SHYMKENT, Kazakhstan (Reuters) - A Kazakh court jailed 17 health workers on Wednesday for infecting dozens of babies with HIV/AIDS but provoked outrage from parents for sparing four senior officials from incarceration.
The 21 doctors and officials went on trial in the southern city of Shymkent in January on charges of criminal negligence for allowing the children to be infected, mainly through blood transfusions in hospitals.
So far 10 babies have died as a result of the infection.
Judge Ziyadinkhan Pirniyaz gave suspended sentences to senior health official Nursulu Tasmagambetova and three others.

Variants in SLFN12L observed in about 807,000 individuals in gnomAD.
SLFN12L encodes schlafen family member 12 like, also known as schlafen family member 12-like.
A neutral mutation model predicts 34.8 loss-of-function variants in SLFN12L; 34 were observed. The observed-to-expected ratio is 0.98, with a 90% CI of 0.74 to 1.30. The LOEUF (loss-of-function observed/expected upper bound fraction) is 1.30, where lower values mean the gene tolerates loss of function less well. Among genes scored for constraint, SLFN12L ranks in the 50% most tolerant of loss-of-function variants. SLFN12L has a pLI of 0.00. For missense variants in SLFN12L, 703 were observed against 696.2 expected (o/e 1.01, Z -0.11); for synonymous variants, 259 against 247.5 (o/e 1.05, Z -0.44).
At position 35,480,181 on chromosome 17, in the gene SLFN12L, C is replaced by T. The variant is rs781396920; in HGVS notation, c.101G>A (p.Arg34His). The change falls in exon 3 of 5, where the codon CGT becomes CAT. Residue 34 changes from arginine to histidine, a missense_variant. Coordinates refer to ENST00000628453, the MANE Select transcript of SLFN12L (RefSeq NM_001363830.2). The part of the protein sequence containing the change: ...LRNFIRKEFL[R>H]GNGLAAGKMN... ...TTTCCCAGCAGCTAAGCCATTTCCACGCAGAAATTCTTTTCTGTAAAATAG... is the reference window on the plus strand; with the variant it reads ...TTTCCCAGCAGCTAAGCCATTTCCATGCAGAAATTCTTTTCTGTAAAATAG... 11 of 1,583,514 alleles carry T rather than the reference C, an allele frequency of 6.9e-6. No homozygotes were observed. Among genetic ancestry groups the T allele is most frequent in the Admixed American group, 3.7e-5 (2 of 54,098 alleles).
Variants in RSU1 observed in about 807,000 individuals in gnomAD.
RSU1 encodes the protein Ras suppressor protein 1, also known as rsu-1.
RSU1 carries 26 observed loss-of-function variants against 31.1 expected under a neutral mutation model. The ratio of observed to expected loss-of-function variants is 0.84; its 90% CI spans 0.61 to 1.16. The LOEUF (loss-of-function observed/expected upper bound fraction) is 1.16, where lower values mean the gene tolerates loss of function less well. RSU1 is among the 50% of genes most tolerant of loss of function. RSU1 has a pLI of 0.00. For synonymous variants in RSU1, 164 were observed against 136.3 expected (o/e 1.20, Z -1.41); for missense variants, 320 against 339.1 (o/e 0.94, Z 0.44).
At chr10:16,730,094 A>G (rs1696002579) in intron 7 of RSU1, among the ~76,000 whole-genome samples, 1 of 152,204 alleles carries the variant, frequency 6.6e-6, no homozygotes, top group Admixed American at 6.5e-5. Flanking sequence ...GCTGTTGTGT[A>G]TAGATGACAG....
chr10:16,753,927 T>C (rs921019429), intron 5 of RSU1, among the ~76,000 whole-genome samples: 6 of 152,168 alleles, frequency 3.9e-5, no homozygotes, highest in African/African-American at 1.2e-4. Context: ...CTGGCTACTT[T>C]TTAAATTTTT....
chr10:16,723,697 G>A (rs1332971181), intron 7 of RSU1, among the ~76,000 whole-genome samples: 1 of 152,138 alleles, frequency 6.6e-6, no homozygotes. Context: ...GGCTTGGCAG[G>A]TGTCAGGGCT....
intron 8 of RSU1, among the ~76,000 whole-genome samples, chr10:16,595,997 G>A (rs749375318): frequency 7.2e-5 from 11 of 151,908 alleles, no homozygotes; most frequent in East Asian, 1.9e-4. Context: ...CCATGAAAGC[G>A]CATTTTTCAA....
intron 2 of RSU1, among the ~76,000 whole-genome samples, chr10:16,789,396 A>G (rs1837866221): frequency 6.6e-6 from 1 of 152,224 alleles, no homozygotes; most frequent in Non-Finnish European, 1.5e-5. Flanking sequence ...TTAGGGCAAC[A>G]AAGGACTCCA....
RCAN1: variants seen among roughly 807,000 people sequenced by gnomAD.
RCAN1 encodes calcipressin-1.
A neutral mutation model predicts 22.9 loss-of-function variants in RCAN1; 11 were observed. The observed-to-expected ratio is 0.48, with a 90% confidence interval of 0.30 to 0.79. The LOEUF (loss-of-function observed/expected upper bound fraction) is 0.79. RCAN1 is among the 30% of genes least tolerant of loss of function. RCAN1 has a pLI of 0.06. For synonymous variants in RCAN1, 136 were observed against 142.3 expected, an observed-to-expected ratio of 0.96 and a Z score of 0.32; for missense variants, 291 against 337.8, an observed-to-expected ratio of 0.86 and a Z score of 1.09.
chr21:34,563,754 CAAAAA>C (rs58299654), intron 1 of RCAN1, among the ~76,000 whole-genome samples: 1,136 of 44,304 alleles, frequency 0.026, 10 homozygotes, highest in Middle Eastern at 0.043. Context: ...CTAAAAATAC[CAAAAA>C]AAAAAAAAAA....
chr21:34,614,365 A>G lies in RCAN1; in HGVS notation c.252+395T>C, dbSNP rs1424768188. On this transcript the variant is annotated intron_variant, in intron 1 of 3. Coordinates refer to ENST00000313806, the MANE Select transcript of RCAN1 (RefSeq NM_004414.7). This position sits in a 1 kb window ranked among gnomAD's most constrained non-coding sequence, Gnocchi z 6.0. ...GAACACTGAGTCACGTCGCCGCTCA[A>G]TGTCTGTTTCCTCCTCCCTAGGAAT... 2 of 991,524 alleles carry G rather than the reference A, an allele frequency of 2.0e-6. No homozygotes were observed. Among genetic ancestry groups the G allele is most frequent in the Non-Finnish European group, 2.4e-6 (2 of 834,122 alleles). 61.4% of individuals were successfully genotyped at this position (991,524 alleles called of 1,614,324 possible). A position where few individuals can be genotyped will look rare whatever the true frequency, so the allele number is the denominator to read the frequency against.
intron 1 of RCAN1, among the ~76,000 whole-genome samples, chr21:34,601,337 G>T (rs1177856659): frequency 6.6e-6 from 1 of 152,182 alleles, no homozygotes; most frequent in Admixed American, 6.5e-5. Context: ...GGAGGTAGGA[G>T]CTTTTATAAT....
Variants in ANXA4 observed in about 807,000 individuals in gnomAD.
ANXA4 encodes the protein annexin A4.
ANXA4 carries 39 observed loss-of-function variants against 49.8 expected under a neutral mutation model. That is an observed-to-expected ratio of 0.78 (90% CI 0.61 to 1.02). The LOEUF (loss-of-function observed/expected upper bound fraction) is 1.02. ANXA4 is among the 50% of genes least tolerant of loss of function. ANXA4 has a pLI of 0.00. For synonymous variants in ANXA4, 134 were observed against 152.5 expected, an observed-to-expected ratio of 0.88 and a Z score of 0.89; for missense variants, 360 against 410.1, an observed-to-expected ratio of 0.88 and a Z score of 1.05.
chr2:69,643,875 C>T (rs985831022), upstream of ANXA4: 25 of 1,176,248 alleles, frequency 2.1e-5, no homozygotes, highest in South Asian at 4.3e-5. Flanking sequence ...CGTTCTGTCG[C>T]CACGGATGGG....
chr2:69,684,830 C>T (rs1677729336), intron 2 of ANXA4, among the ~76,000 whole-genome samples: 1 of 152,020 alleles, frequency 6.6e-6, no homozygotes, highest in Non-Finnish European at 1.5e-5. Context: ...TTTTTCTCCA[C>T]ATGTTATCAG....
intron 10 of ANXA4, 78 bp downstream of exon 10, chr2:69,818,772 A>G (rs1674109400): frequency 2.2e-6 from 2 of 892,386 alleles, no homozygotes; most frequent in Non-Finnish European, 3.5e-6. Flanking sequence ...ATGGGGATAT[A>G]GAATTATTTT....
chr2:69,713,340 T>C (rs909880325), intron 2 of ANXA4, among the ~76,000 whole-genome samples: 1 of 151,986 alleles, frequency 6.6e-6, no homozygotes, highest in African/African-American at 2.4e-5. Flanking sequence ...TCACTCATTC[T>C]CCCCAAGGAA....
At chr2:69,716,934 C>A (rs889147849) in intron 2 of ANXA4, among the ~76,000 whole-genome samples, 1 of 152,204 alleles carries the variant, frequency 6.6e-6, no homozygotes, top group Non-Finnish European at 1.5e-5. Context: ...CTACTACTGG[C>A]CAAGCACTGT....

The remaining defendants received jail sentences ranging from a few months to eight years.
Tension in the courtroom exploded when the children’s parents shouted “Death penalty to Tasmagambetova!” and tried to break through a police cordon in an attempt to reach the defendants.
As a police van drove the convicts away from the court, the babies’ distressed relatives, some in tears, threw stones and plastic bottles at the van and shouted “Death!” and “What for?”
The case marked a new front in the spread of the AIDS virus in the ex-Soviet Central Asian state where the World Bank says the number of registered cases has almost doubled each year since 2000.
Injecting drugs is the most common course of infection in Central Asia, the main route of drugs trafficking from Afghanistan to Europe. Crumbling Soviet-era hospitals and medical infrastructure are also contributing to the problem.